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Customer Loyalty is Paying $300 in Shipping for $600 Pants

“All you have to do is have breakfast at the Beverly Hills Hotel to see that our customer exists.”

That’s 11 Honoré CEO Patrick Horning’s response to the many naysayers who told him prior to launching the plus-size luxury apparel direct-to-consumer startup two years ago that women of a certain size don’t purchase high-end fashion.

But after spending a decade in the industry, “paying attention” to the plus-size conversation, and engaging in a transformative project with high-end Italian plus-size designer Marina Rinaldi in the spring of 2016, Horning knew there was an opportunity to offer coveted designer collections in an “extended” size range of 12-20 to shoppers long ignored by famous labels or forced to settle for the underwhelming department store experience.

In contrast to the many founders who launch companies after crunching the numbers to uncover a lucrative gap in the market, there simply wasn’t much, if any, data around the full-figured customer—because brands and retailers hadn’t banded together to serve shoppers whose dress tags bore certain numbers, Horning said at the Luxury Interactive conference in New York City last week.

“For me it was more about intuition and wanting to be on the right side of the conversation,” he added. “Obviously we were able to reverse engineer on certain data points. Our company was disruptive in that we’re creating a market for the very first time that never existed before.”

Skim 11 Honoré’s e-commerce site and you’ll find the editorial imagery and styling that you’d expect of any luxury purveyor. Wares range from $2,550 blood red Sally LaPointe sequin dresses and a $3,140 emerald green Maria Kah gown to a 3.1 Phillip Lim oversized trench coat for $1,245 and an embroidered chenille sweater from Naeem Khan bearing a price tag of $2,592. Since launching with sizes 12-20, Horning said the brand has become even more inclusive in response to customer demand.

“We’re now realizing that our No. 1 selling size is 20,” he explained. “I think our sweet spot is going to end up being 14-24, but we are always open to extend our sizes if the brands put us in a position to do so.”

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In many ways, Los Angeles-based 11 Honoré sees itself as a mission-driven company “on the front lines fighting for this woman to have a seat at the table that she’s never had before.” That’s why the startup is continuously pushing designers to expand their size runs, Horning noted. However, having more brands on the website isn’t necessarily better for customers.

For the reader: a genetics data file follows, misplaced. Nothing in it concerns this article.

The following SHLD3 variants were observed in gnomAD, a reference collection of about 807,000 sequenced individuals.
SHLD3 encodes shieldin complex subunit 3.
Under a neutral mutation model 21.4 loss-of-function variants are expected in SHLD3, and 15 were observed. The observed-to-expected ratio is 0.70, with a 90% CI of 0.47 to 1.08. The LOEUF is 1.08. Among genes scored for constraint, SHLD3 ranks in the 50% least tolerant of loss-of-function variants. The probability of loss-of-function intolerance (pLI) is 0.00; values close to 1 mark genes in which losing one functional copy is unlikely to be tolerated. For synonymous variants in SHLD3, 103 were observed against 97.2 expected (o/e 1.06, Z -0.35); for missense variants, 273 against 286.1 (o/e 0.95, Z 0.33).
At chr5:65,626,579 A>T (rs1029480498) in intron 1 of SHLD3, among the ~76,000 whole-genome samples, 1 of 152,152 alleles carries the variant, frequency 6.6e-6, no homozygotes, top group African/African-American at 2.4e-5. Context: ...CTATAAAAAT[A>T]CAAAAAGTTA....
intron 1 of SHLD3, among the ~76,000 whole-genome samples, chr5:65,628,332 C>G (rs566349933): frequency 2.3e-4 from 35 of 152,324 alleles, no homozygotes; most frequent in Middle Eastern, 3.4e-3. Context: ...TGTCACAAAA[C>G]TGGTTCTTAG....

“We learned two seasons ago to pause on acquiring for acquisition’s sake, and really prioritizing our acquisition based on what customers want to see from us and not necessarily what a merchant wants to see,” Horning explained. “We need to deliver what she’s looking for and never from this insulated mindset.

“I think brands always struggle with wanting to be self-aware,” he continued, “but you just have to listen to your customer.”

There are myriad reasons why brands are hesitant to create garments outside of their size-run comfort zone, but Horning is quick to point out that quality and consistency tend to be top-of-mind for many labels. “I think it’s just making sure that their internal mechanisms are in a position to do [plus] correctly,” he said, “because at the end of the day, we don’t want to put substandard product in the market. [Designers] want their size 20 to be as good as their size 2.”

So far, just around 5 percent of the brands carried by 11 Honoré have needed meaningful support—beyond a fit model or proprietary sizing chart—to develop plus-size apparel, and shoppers are responding to the well-crafted luxury designers. One customer in Australia forked over $300 in shipping fees just to get a $600 pair of pants, Horning recounted.

Confirming his initial suspicion that the 11 Honoré customer is global, Horning said the company is seeing strong demand in areas like Canada, London, Germany and the Middle East. She also skews older—that is, older than 35—though the company recently integrated with Quadpay, a payments solutions provider that lets typically younger customers divide their purchases into four equal installments charged or debited every two weeks. It’s a savvy recognition of how notoriously credit-shy millennial shoppers are interested in purchasing these days.

Horning said 11 Honoré, which has grown to two dozen employees from the “handful of consultants” at launch, is tailoring its brand messaging to resonate with the values-conscious and eco-aware 18-37-year-old crowd. “Because by investing yourself,” it’s telling shoppers, “you’re investing in the environment.”

Like many digitally native brands, Horning’s startup has dabbled with pop-ups, low-key affairs often arranged in a hotel suite, often with cocktails. The experience of welcoming customers into 11 Honoré’s world IRL is invaluable, the chief executive said.

“The traditional brick-and-mortar retail environment is no longer about selling whatever [product]. It’s about learning, the way you do from your online presence, more about your customer,” Horning explained. “Our average order value triples in real life and our return rate is less than five percent. And her conversion is immediate.

“Those are very different habits than our online customer,” he added.

That 11 Honoré could be benefiting from fashion’s trying, transitional moment is a fact not lost on Horning. “I think whenever things are upside-down, that’s the time to start rethinking. You can’t argue that this isn’t an important customer,” he said. “Some people can figure it out quickly, and for some people it takes a little bit more time. Because of the 11 Honoré platform, we’re making it a priority.”